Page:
Confronting ourselves

The Independent’s Johann Hari interviews Gideon Levy, a controversial Israeli critic of Israel’s actions in the Occupied Territories. An excerpt:

He reported that day on a killing, another of the hundreds he has documented over the years. As twenty little children pulled up in their school bus at the Indira Gandhi kindergarten, their 20 year-old teacher, Najawa Khalif, waved to them – and an Israel shell hit her and she was blasted to pieces in front of them. He arrived a day later, to find the shaking children drawing pictures of the chunks of her corpse. The children were “astonished to see a Jew without weapons. All they had ever seen were soldiers and settlers.”

And another:

Levy uses a simple technique. He asks his fellow Israelis: how would we feel, if this was done to us by a vastly superior military power? Once, in Jenin, his car was stuck behind an ambulance at a checkpoint for an hour. He saw there was a sick woman in the back and asked the driver what was going on, and he was told the ambulances were always made to wait this long. Furious, he asked the Israeli soldiers how they would feel if it was their mother in the ambulance – and they looked bemused at first, then angry, pointing their guns at him and telling him to shut up.

“I am amazed again and again at how little Israelis know of what’s going on fifteen minutes away from their homes,” he says. “The brainwashing machinery is so efficient that trying [to undo it is] almost like trying to turn an omelette back to an egg. It makes people so full of ignorance and cruelty.” He gives an example. During Operation Cast Lead, the Israel bombing of blockaded Gaza in 2008-9, “a dog – an Israeli dog – was killed by a Qassam rocket and it on the front page of the most popular newspaper in Israel. On the very same day, there were tens of Palestinians killed, they were on page 16, in two lines.”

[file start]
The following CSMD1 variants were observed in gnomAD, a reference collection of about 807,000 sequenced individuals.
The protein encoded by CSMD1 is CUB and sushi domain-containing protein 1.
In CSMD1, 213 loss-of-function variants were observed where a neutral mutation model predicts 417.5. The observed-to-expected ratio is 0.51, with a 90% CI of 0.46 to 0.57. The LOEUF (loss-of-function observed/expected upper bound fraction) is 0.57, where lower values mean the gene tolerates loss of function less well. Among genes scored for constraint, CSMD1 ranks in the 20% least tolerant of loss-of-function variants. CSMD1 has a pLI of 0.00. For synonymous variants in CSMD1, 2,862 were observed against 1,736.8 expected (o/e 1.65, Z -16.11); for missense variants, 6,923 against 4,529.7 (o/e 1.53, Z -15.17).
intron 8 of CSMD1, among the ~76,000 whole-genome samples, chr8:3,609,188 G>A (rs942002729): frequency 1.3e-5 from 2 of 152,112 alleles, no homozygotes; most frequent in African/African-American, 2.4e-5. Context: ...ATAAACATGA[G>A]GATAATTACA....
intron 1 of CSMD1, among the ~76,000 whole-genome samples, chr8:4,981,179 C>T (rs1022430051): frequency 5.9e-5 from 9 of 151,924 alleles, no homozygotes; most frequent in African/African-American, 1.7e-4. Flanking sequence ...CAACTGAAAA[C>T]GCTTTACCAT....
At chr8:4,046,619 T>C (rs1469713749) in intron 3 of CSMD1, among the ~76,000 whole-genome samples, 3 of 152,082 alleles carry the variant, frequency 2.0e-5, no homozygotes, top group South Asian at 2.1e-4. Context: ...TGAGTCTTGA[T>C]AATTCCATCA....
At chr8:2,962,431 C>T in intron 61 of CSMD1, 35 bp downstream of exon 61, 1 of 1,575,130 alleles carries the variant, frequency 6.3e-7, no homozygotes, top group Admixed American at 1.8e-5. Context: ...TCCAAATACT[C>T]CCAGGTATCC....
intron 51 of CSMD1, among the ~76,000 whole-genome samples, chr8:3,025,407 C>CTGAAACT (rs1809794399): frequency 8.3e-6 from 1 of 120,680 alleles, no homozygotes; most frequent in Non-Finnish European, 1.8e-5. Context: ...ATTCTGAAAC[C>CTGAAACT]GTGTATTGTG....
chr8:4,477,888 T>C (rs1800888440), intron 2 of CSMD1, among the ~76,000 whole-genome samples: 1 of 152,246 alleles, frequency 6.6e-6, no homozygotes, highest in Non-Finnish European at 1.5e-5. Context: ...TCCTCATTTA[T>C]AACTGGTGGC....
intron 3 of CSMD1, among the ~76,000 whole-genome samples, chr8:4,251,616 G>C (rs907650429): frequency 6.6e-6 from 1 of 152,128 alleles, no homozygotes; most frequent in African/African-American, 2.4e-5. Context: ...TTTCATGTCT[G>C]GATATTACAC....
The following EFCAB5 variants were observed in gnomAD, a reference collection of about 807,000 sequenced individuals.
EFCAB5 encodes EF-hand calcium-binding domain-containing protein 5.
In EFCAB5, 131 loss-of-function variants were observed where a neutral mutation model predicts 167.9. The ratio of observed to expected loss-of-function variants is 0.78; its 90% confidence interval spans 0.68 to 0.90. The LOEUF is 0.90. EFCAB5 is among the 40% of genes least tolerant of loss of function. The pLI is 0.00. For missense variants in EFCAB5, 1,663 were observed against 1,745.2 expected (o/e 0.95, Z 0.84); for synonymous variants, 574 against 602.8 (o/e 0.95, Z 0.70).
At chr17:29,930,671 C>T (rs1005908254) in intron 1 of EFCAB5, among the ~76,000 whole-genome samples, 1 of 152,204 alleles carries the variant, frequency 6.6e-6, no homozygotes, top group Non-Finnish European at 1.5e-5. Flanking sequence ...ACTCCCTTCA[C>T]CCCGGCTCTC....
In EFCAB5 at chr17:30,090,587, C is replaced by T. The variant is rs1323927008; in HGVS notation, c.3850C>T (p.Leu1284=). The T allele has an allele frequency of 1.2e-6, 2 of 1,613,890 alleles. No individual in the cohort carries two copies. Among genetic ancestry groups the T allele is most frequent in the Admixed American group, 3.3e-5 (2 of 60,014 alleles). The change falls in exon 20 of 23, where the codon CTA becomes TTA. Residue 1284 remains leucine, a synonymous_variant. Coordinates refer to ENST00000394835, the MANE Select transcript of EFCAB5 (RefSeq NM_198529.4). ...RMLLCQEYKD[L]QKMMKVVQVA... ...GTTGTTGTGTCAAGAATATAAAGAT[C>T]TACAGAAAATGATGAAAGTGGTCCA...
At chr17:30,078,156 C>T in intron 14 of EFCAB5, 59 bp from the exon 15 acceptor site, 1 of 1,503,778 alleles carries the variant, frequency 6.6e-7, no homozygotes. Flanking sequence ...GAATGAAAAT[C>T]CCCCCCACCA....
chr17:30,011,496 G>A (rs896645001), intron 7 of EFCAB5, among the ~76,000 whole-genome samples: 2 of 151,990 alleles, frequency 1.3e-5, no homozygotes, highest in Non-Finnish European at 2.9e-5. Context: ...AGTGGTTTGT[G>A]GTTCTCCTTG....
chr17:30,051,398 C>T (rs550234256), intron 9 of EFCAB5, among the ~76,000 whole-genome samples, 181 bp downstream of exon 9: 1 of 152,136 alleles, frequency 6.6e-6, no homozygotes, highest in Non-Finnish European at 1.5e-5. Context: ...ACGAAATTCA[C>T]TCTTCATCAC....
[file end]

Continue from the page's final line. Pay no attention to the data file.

I’m trying to imagine how the American public would react if the front pages always carried news of the latest Afghan “collateral damage” — not just the numbers, but real, humanizing stories. For that matter, if we saw graphic coverage of the damage done to US soldiers and contractors, might things change?

Certainly one reason the American polity has been able to happily go about its business while we’ve waged devastating wars in two countries is that, by and large, Americans don’t hear about the damage we inflict. Yes, we see a bit of political analysis (“How will this affect the election?”) and occasional stories about US casualties (“Three soldiers killed in a helicopter crash”), but we’re not forced to confront the hundreds of civilian casualties from stray bombs and bullets and germs in any serious, compelling way. That complete lack of confrontation, more than any bias in the stories that do get coverage, allows the tragedy of our foreign adventures to continue.

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09 2010

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